A quick post today, inspired by this one. JB's classification is more straightforward than mine; I would like to detail it further, although many examples below would fit in his 4 categories.
So, do you need an alternate rule for armor in D&D? Here is what armor can do for you in different games, specially D&D and similar.
1 - Armor Class - Makes you less likely to be hit (example: traditional AC, as seem in classic D&D).
2 - Damage Reduction - Reduces damage dealt to you (example: this and lots of other RPGs).
3 - Damage Division - Divides damage dealt to you (example: resistance in D&D 5e).
4 - Damage Conversion - changes damage from one type to another; slashing to bludgeoning, etc (example: GURPS does this IIRC).
5 - Ablative armor - Gives you extra HP (example: The Black Hack).
6 - Free pass - gives you immunity against one or more attacks, regardless of damage (example: shields shall be splintered, Fate).
7 - Life-saver - allows you a saving throw against damage (example: WHFRP, see JB's post).
8 - (Low) Damage Threshold - ignore damage up to a point; for example, armor 3 would completely protect you from 1, 2 or 3 points of damage, but if you take 4 points it isn't reduced (example: Dragon Warriors uses a reversed version of this, I think).
9 - (High) Damage Threshold - protects you against damage after a point (example: I have never seem this used, nor do I think it is a good idea, but I had a house rule in OD&D that used exploding d6s for damage, unless you were using a helmet).
9 - Critical protection - protects you against critical hits or make them less deadly (Rolemaster)
10 - Damage immunity - fully protects you from some types of weapons or special attacks (haven't seem it in a game, although it might be "realistic" in some cases, or might be caused by damage reduction - the fight of Sir Barristan against a Dothraki in ASOIF comes to mind).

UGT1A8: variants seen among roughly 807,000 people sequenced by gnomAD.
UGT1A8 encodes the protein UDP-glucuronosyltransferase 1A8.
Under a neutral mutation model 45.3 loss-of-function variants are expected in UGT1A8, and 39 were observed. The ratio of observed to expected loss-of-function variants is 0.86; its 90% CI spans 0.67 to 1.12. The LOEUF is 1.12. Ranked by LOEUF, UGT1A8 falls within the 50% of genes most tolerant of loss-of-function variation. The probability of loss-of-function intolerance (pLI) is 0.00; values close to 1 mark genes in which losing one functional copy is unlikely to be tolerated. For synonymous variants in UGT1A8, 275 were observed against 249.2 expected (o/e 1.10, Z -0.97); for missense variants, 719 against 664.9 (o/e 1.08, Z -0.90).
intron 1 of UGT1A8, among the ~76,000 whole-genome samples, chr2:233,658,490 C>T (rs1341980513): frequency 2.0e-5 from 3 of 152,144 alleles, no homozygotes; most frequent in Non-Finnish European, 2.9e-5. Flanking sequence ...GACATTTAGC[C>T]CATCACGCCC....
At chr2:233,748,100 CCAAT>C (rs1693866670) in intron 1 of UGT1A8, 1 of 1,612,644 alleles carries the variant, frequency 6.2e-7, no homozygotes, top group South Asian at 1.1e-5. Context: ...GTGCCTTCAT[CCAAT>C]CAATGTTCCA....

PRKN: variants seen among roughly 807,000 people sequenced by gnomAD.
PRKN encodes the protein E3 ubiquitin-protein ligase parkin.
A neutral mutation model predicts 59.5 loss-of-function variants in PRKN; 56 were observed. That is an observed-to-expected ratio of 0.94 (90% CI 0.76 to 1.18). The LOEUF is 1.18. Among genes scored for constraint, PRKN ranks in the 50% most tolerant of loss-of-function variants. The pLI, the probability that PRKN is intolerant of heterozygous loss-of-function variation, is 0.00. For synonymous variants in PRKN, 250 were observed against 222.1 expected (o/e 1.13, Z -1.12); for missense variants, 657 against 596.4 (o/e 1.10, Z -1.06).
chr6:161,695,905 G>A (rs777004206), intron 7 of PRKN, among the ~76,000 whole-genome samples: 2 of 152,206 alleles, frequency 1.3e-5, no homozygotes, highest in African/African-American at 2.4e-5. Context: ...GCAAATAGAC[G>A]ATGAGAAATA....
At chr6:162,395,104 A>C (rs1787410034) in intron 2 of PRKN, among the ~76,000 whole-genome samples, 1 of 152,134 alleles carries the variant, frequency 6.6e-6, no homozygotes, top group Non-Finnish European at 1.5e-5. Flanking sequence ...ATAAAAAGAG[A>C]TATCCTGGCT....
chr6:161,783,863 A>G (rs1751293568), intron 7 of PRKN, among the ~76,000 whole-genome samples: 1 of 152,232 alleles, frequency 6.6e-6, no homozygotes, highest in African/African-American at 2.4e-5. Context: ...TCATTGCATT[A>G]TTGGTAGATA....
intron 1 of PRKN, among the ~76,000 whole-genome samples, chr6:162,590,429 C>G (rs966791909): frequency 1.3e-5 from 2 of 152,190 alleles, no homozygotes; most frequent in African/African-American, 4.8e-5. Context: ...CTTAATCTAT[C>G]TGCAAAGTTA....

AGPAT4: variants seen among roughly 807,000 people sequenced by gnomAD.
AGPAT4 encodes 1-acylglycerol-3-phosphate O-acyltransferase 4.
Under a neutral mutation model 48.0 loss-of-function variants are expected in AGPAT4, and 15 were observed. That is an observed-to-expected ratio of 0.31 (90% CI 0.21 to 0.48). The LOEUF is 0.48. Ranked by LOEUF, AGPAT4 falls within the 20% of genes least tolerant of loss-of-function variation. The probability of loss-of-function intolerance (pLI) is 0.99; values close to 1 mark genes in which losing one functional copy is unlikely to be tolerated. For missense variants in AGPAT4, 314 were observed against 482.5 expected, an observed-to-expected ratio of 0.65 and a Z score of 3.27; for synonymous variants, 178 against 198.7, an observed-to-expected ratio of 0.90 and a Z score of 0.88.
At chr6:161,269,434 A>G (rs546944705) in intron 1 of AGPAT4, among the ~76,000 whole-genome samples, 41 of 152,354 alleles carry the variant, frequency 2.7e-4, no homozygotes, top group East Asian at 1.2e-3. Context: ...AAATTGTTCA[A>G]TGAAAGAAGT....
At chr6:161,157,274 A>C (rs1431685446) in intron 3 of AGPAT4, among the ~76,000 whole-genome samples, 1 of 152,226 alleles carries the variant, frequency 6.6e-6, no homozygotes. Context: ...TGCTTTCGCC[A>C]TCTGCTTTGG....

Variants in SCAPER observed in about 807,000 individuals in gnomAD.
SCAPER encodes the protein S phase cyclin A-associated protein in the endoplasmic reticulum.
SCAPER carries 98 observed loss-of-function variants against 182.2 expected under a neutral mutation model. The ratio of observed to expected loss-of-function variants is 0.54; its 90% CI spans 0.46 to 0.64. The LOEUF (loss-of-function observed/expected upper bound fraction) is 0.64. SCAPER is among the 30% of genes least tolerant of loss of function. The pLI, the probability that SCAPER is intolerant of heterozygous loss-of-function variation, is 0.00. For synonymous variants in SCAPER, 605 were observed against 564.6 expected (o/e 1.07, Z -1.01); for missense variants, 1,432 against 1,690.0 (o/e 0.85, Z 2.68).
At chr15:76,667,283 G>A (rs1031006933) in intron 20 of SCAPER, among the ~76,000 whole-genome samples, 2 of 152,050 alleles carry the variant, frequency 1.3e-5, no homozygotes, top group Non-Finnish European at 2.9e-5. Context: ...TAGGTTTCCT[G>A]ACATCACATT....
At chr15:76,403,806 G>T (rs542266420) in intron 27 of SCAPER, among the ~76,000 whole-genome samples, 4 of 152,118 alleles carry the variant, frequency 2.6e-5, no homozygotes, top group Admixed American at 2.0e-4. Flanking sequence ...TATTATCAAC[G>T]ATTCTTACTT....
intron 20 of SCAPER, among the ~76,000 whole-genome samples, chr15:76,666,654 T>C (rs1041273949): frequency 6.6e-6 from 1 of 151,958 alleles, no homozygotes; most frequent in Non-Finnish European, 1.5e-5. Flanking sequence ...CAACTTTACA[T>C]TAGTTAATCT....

... but if armor is so useful, why isn't everyone using it?
1 - Too expensive.
2 - Too heavy.
3 - Slows you down (not necessarily the same as #2).
4 - Too hot.
5 - Too conspicuous.
6 - Too wimpy.
7 - Too hard to find.
8 - Not allowed (because of social class, etiquette of other reasons).
9 - Gets in the way of your spells, skills, sight, hearing, swimming, or even fighting accuracy.
10 - Requires a special class, skill or feat.
There is still lots of possibilites around... Attacking hard armor bare-handed hurts your hand in GURPS, and rigid armor stops arm locks, among other things. More exotic ideas would include spiky or fiery armor that damages opponents, mirror armor to confuse foes and fight the medusa, mechanical or biological armor, etc.
What did I forget? Let me know in the comments!
BTW: Do you like any of these? Or some combination of them? Consider writing it down in one single page. The images in this post are on the public domain in the US, as far as I know, so you can use them if you want (the artist is Walter Crane).